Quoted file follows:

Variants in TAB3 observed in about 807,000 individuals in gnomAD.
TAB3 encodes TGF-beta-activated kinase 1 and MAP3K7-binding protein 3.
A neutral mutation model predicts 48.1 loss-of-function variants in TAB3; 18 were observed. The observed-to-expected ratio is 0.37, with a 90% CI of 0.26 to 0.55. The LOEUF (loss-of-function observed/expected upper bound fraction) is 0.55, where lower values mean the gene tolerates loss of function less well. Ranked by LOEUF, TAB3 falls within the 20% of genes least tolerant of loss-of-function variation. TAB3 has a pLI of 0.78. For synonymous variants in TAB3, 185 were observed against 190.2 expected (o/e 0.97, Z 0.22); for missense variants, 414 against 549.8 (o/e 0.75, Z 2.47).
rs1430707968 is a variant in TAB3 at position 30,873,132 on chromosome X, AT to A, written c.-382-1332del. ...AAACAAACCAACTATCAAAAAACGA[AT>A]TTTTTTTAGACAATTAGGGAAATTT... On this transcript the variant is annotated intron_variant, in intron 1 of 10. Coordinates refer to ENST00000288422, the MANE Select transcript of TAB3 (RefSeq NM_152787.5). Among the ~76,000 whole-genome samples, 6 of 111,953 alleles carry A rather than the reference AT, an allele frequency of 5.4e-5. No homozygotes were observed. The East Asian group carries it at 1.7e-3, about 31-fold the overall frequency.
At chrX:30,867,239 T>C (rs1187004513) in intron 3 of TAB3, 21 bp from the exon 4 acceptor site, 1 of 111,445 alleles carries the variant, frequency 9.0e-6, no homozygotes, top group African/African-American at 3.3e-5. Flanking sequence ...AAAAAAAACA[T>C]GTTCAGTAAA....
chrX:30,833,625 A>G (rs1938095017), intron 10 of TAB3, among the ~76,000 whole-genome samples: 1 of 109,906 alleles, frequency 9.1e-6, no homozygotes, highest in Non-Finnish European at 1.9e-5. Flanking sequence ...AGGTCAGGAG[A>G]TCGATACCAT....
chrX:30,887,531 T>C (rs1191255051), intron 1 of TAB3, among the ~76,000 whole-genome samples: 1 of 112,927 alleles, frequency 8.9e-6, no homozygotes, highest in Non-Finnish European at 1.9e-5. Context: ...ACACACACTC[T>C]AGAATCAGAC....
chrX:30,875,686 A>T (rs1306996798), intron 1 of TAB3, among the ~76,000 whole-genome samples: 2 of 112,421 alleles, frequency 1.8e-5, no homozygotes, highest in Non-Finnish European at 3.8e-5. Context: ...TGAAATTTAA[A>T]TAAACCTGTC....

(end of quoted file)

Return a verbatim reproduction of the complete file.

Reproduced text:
Variants in TAB3 observed in about 807,000 individuals in gnomAD.
TAB3 encodes TGF-beta-activated kinase 1 and MAP3K7-binding protein 3.
A neutral mutation model predicts 48.1 loss-of-function variants in TAB3; 18 were observed. The observed-to-expected ratio is 0.37, with a 90% CI of 0.26 to 0.55. The LOEUF (loss-of-function observed/expected upper bound fraction) is 0.55, where lower values mean the gene tolerates loss of function less well. Ranked by LOEUF, TAB3 falls within the 20% of genes least tolerant of loss-of-function variation. TAB3 has a pLI of 0.78. For synonymous variants in TAB3, 185 were observed against 190.2 expected (o/e 0.97, Z 0.22); for missense variants, 414 against 549.8 (o/e 0.75, Z 2.47).
rs1430707968 is a variant in TAB3 at position 30,873,132 on chromosome X, AT to A, written c.-382-1332del. ...AAACAAACCAACTATCAAAAAACGA[AT>A]TTTTTTTAGACAATTAGGGAAATTT... On this transcript the variant is annotated intron_variant, in intron 1 of 10. Coordinates refer to ENST00000288422, the MANE Select transcript of TAB3 (RefSeq NM_152787.5). Among the ~76,000 whole-genome samples, 6 of 111,953 alleles carry A rather than the reference AT, an allele frequency of 5.4e-5. No homozygotes were observed. The East Asian group carries it at 1.7e-3, about 31-fold the overall frequency.
At chrX:30,867,239 T>C (rs1187004513) in intron 3 of TAB3, 21 bp from the exon 4 acceptor site, 1 of 111,445 alleles carries the variant, frequency 9.0e-6, no homozygotes, top group African/African-American at 3.3e-5. Flanking sequence ...AAAAAAAACA[T>C]GTTCAGTAAA....
chrX:30,833,625 A>G (rs1938095017), intron 10 of TAB3, among the ~76,000 whole-genome samples: 1 of 109,906 alleles, frequency 9.1e-6, no homozygotes, highest in Non-Finnish European at 1.9e-5. Flanking sequence ...AGGTCAGGAG[A>G]TCGATACCAT....
chrX:30,887,531 T>C (rs1191255051), intron 1 of TAB3, among the ~76,000 whole-genome samples: 1 of 112,927 alleles, frequency 8.9e-6, no homozygotes, highest in Non-Finnish European at 1.9e-5. Context: ...ACACACACTC[T>C]AGAATCAGAC....
chrX:30,875,686 A>T (rs1306996798), intron 1 of TAB3, among the ~76,000 whole-genome samples: 2 of 112,421 alleles, frequency 1.8e-5, no homozygotes, highest in Non-Finnish European at 3.8e-5. Context: ...TGAAATTTAA[A>T]TAAACCTGTC....